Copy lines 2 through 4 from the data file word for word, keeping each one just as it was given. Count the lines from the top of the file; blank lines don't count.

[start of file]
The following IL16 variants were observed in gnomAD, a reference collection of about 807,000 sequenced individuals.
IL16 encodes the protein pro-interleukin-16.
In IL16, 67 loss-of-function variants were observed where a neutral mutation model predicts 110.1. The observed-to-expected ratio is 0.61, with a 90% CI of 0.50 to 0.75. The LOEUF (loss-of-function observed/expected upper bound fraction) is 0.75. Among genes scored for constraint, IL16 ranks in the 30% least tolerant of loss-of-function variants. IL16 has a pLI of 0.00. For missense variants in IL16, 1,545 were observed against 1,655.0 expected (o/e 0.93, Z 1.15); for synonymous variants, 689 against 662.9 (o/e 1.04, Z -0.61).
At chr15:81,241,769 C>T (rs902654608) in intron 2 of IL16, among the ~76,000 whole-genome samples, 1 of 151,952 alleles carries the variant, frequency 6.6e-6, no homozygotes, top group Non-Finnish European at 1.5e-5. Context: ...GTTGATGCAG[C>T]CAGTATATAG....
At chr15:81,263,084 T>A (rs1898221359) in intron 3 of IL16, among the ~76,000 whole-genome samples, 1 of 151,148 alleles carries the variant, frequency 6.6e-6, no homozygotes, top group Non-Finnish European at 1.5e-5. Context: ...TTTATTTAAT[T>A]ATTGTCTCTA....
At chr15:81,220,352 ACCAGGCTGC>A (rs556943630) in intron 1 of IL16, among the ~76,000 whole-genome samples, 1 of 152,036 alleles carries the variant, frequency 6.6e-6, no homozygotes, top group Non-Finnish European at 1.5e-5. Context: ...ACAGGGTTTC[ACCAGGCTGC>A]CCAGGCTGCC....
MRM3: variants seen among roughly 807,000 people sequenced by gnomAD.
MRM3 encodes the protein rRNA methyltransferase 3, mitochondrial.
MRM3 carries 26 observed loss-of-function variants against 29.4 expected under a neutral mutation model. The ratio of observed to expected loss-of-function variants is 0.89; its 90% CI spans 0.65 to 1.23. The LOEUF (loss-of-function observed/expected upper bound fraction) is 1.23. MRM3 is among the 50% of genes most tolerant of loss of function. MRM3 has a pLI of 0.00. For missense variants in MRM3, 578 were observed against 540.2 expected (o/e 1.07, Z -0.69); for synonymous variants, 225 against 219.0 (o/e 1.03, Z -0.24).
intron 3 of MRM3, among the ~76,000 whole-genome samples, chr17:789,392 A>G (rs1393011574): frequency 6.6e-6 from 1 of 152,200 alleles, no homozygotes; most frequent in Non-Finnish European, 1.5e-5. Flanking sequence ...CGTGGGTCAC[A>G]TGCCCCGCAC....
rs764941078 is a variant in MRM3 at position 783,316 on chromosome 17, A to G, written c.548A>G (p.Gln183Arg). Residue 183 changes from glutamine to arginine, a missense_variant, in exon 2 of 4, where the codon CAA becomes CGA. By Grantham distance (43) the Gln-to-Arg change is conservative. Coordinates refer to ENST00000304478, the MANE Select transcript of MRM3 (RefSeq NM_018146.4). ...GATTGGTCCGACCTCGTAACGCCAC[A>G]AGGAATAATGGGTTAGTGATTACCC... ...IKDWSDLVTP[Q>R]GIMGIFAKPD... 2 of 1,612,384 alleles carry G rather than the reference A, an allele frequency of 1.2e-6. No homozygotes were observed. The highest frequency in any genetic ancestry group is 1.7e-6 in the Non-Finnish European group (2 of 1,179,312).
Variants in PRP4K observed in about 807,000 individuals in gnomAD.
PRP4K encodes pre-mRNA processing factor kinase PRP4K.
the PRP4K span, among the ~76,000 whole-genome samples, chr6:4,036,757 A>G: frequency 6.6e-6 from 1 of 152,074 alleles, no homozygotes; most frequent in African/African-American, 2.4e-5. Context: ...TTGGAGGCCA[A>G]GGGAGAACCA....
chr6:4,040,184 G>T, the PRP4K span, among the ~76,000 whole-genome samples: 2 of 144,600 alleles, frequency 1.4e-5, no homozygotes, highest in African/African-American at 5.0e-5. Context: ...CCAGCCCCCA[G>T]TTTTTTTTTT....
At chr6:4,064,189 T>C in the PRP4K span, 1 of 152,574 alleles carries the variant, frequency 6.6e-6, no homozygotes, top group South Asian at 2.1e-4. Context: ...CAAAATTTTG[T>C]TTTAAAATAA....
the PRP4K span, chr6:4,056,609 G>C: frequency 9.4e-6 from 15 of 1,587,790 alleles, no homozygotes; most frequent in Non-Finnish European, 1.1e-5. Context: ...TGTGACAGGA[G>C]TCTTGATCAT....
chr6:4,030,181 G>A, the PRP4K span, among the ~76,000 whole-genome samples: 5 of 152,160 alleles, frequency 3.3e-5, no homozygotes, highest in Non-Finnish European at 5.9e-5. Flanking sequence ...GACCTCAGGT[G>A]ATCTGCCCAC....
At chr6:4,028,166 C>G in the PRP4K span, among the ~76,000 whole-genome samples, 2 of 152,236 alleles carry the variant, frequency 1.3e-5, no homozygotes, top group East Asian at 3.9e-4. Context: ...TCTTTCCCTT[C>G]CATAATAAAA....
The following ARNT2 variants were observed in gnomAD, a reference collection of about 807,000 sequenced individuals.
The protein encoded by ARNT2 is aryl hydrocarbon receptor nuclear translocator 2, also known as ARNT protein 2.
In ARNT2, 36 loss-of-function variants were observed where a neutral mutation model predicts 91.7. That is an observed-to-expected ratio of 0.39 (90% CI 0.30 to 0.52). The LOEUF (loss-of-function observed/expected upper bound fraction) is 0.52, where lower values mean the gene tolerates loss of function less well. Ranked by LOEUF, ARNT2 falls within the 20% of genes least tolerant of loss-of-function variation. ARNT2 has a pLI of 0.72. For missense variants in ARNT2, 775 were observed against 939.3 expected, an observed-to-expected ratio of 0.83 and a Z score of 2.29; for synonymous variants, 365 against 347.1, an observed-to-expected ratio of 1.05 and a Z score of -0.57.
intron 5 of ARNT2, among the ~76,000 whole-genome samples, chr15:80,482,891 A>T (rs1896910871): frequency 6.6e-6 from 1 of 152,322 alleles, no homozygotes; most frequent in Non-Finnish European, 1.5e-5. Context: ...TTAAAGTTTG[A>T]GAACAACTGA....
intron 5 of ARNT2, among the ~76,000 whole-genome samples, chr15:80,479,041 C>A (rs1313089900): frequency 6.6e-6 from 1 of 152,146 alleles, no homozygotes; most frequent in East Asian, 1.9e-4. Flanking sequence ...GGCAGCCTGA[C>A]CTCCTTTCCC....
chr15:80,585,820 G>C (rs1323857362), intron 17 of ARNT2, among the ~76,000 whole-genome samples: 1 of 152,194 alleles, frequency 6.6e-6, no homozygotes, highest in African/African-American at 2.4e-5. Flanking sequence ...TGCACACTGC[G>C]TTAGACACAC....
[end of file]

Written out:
IL16 encodes the protein pro-interleukin-16.
In IL16, 67 loss-of-function variants were observed where a neutral mutation model predicts 110.1. The observed-to-expected ratio is 0.61, with a 90% CI of 0.50 to 0.75. The LOEUF (loss-of-function observed/expected upper bound fraction) is 0.75. Among genes scored for constraint, IL16 ranks in the 30% least tolerant of loss-of-function variants. IL16 has a pLI of 0.00. For missense variants in IL16, 1,545 were observed against 1,655.0 expected (o/e 0.93, Z 1.15); for synonymous variants, 689 against 662.9 (o/e 1.04, Z -0.61).
At chr15:81,241,769 C>T (rs902654608) in intron 2 of IL16, among the ~76,000 whole-genome samples, 1 of 151,952 alleles carries the variant, frequency 6.6e-6, no homozygotes, top group Non-Finnish European at 1.5e-5. Context: ...GTTGATGCAG[C>T]CAGTATATAG....